SANTA FE, N.M. (AP) — The Latest on New Mexico bills signed or vetoed by Gov. Susana Martinez (all times local): 2 p.m. There will be no reshaping of the political landscape for school boards, cities and other nonpartisan local governments in New Mexico through the consolidation of elections. Gov. Susana Martinez did not take action on the bill before Friday's signing deadline, resulting in an automatic veto. The measure would have allowed such local elections to be combined and put before voters in November every other year. Experts had suggested that doing so could boost turnout.

SANTA FE, N.M. (AP) — The Latest on New Mexico bills singed or vetoed by Gov. Susana Martinez (all times local): 1:10 p.m. New Mexicans will still have the option to get license plates recognizing their affinity for red and green chile. It just won't be done through legislation. Gov. Susana Martinez vetoed a bill Friday that would have allowed chile license plates to be issued for an extra fee that would have gone to support the state farm and ranch museum.

e ROSWELL, N.M. (AP) — A federal agency says it will give New Mexico its payment for an oil and gas lease sale now that it has responded to environmental concerns. The Roswell Daily News reports (http://bit.ly/2oMXMbH) a U.S. Bureau of Land Management spokesperson said Thursday that the state can expects its nearly $70 million payment by June 1, as scheduled, or earlier. BLM spokesperson Donna Hummel says the agency has finishing reviewing two extensive written protests by environmental groups based in Santa Fe and Arizona.

SANTA FE, N.M. (AP) — The Latest on New Mexico's state budget crisis (all times local): 11:10 a.m. New Mexico Gov. Susana Martinez has vetoed a $350 million package of tax and fee increases designed to shore up shaky state government finances. Martinez said Friday in a veto message that the Legislature ignored her repeated promises to veto tax increases. She says a proposal to raise taxes on gasoline and diesel sales would place an undue burden on families. She also objects to new taxes on the sale of vehicles and trucking permit fees approved by the Democrat-led Legislature.

SANTA FE, N.M. (AP) — The Latest on New Mexico bills singed or vetoed by Gov. Susana Martinez (all times local): 11:05 a.m. Gov. Susana Martinez has signed legislation that would ban the use on minors of conversion therapy that seeks to change a person's sexual orientation or gender identity. The measure was among dozens signed by the Republican governor as the Friday deadline approached for her to act on legislation passed during the session that ended March 18. Bill sponsor Democrat Sen.

GALLUP, N.M. (AP) — Authorities say a New Mexico State Police officer was involved in a shooting in which another person was shot and that eastbound Interstate 40 is closed in the Gallup area of northwestern New Mexico while the incident is investigated. Details are sketchy but the state police said the officer was not injured and that the shooting occurred Friday morning during a traffic stop. A state police statement referred to the wounded person as a "suspect" but gave no details about circumstances of the shooting.

SANTA FE, N.M. (AP) — The Latest on New Mexico bills singed or vetoed by Gov. Susana Martinez (all times local): 9:30 a.m. A New Mexico bill has been vetoed that would have revealed who donates to independent political groups that spend unlimited amounts of money to influence elections. New Mexico Gov. Susana Martinez on Friday rejected the proposed disclosure rules for political committees that do not coordinate directly with candidates. The bill responded to the U.S.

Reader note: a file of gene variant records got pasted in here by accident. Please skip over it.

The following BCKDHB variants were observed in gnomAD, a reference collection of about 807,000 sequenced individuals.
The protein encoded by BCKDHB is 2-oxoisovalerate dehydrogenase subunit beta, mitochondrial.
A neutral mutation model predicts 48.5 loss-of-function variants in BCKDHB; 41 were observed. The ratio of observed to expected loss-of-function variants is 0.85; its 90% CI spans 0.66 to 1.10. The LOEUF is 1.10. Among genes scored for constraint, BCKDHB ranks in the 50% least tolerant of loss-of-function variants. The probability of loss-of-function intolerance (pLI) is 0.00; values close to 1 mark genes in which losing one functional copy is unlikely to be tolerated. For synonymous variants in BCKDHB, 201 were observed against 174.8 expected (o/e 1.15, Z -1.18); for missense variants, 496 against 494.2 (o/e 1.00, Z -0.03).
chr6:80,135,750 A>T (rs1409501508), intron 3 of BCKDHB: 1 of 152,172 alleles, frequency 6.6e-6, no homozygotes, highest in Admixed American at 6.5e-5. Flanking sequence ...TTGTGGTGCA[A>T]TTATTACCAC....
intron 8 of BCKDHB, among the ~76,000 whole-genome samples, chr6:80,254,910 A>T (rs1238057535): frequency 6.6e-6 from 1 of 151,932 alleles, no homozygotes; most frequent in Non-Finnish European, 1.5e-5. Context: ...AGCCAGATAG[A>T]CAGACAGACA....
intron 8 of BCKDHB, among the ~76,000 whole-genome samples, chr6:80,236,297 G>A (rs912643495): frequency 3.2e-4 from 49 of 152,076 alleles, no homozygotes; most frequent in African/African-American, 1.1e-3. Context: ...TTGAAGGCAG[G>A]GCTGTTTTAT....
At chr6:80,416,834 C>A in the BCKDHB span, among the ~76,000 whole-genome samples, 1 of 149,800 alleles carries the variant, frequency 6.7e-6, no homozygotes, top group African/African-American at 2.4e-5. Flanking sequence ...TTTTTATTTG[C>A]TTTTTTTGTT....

SANTA FE, N.M. (AP) — The New Mexico Supreme Court has created a 16-member commission to study the state's guardianship system and recommend improvements. The order announced Thursday follows a series of investigative articles published by the Albuquerque Journal that raised questions about the lack of oversight and transparency within the system. The Supreme Court directed the commission to hold hearings to gather public input and recommend any necessary changes in court rules, state statutes, funding, administrative practices or other proposals to improve the system.

SANTA FE, N.M. (AP) — New Mexico Gov. Susana Martinez is drawing a line in the sand against tax increases and state government spending with hours left to sign or veto provisions of a budget plan from the Legislature. Martinez has until noon on Friday to consider a $6.1 billion spending bill that shores up funding for public schools and courts in the coming fiscal year. The Republican governor on Thursday renewed criticism of companion legislation to bring in $350 million by increasing taxes on gasoline, hiking permit fees for trucks and reduce tax exemptions on nonprofit hospitals.

ALAMOGORDO, N.M. (AP) — Hotter temperatures and drying winds have prompted officials in southern New Mexico to increase the level of fire danger on the Lincoln National Forest. Forest officials say the higher rating extends across the entire forest to include the Smokey Bear, Sacramento and Guadalupe ranger districts. A rating of "high" means that fine dead fuels will ignite readily and fires will start easily from most causes. Officials also say unattended brush and campfires are likely to escape.

SANTA FE, N.M. (AP) — New Mexico has a new law that ensures children are served school meals even if their parents do not pay on time. The law signed by Gov. Susana Martinez on Thursday was designed to ensure that students whose parents owe money at the cafeteria are still fed adequately and do not face public embarrassment. The legislation outlines debt collection procedures for unpaid breakfasts and lunches at public, private and religious schools that accept federal subsidies for student meals.

CLOVIS, N.M. (AP) — A man accused of fatally stabbing a Clovis woman in a city park in 2014 has pleaded guilty to first-degree murder and sentenced to life in prison. Prosecutors said Thursday that 28-year-old Matthew Jennings of Clovis received the mandatory sentence. A judge ruled in February that Jennings was found competent to stand trial and it was scheduled to begin this month. Jennings was accused of killing 23-year-old Ariel Ulibarri in November 2014 at Goodwin Trails Park. According to court records, Ulibarri was walking with her 6-year-old son when Jennings attacked her.